Besides Garrison Keillor, the other personal favorite who wore red socks was the late writer/interviewer/radio host/actor/raconteur Studs Terkel. He did the coolest thing: he interviewed people - from kid to old timer, rich to poor, smart to dumb - on the radio and then edited the interviews into book form, usually all on one topic, such as World War II or the racial issues in our country, so the reader could learn a lot from a lot of people.
I guess his best-known book is "Working," and I find myself picking that volume up from time to time, reading again certain favorite parts. Reading the book, in which people just talk about their jobs, reminds us that there are good part and bad parts about every job, and that you might not want to spend too much time envying the other guy, whose job looks to be situated on a much greener lawn than yours does. There are drawbacks to every job, with the possible exception of being Little Richard.
I was thinking about this on the way to work because I had to stop for gas , and I always feel a nice thought toward those who sit in booths all day long taking gas money, making change, selling loose cigars for blunts, surrounded by auto de-stink-alizers that either look like pine trees or skunks (the selling point there being irony), condoms, cigarettes and Slim Jims. One place where I like to gas up is over by the Parkville fire house and police station. It's convenient because it's on the right side of the road for me heading to work, the prices are reasonable, and there is a car wash, although my truck prefers Mother Nature's rainy days to the hi-pressure Suds-O-Matic.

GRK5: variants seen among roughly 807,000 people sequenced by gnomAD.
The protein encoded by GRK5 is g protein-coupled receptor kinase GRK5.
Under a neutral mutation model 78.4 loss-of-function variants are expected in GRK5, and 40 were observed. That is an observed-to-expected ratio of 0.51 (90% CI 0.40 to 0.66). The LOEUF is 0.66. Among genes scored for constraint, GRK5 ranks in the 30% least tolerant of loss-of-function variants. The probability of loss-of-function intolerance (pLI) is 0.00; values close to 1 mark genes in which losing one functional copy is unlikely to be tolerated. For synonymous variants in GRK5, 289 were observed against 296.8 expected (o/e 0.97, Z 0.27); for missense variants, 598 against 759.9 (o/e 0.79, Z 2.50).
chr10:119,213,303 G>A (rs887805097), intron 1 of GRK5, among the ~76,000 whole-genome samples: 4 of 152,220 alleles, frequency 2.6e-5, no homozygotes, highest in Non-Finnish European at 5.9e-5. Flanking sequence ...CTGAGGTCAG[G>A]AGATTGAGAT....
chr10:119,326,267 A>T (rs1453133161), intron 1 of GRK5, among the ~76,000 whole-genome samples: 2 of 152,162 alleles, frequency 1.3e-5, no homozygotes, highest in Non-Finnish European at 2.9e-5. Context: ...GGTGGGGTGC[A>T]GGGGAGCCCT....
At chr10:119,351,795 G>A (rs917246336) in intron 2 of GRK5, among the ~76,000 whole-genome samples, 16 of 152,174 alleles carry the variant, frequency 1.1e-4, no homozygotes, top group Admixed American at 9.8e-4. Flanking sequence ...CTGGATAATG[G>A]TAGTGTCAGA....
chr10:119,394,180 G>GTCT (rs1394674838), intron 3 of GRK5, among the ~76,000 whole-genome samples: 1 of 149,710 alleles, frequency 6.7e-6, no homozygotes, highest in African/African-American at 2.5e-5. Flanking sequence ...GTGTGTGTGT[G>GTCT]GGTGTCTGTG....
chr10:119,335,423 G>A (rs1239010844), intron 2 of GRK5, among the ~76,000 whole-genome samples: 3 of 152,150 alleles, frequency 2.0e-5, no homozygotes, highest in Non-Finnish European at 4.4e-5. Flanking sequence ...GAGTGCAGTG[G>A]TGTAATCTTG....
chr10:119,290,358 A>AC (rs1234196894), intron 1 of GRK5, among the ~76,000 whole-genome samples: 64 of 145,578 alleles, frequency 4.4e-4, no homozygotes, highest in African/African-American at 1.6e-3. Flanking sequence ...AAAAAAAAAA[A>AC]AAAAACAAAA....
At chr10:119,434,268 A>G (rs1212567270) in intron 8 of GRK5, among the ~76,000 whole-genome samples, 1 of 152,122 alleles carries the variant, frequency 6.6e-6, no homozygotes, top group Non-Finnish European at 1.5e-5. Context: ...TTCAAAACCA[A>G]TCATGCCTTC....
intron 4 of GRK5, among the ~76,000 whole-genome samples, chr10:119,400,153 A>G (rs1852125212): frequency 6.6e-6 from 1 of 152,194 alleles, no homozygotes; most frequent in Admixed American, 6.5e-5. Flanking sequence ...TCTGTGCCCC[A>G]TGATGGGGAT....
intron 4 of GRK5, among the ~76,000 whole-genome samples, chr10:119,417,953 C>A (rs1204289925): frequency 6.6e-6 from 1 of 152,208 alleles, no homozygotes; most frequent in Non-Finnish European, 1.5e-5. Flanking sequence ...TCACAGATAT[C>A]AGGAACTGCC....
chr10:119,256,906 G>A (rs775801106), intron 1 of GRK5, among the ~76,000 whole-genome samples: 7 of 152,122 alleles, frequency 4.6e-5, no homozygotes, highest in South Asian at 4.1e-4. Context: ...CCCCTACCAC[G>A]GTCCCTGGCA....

The young woman who sits in the booth at this station is unfailingly polite and pleasant, and frankly, I don't know what the worst part of her job would be. Is the men who attempt to make time with her by hollering through the little voicebox in her bulletproof Plexiglass window? How many times, really, do you think she has to deal with someone commenting on the weather ("Hot one today, huh?") or the price of gasoline ("It's highway robbery - get it???") or how pretty they find her ("Looking gooooooooood today!") while the rest of us shuffle about in line behind them, eyes rolling, wondering why they just don't get it that they aren't going to get anywhere.
Or maybe the worst part is that at this time of the year, right around sunrise, the sun beams directly into her eyes, forcing her to wear sunglasses while she doles out change and fends off 1/2-ass Harry and his frustrated flirtation. I mean, really; you could perform an appendectomy in that booth at ten til seven this month, and still have plenty of light left over. It's that bright.
They don't offer squeegees there any more to clean off the windows; I guess they were tired of having them ripped off, right there in the shadow of the police precinct. Middle-aged guys riding mopeds and scooters - always a sign that they no longer have a license to drive a vehicle that requires one - stop in, people on their way to work who need ten gallons of hi-test and a pack of Kools run in, and I'm there a couple of times a week too, just because I like to see people in action.
Here's to you, nice gas-station lady, and I hope you have all nice days. I bet you have some stories to tell!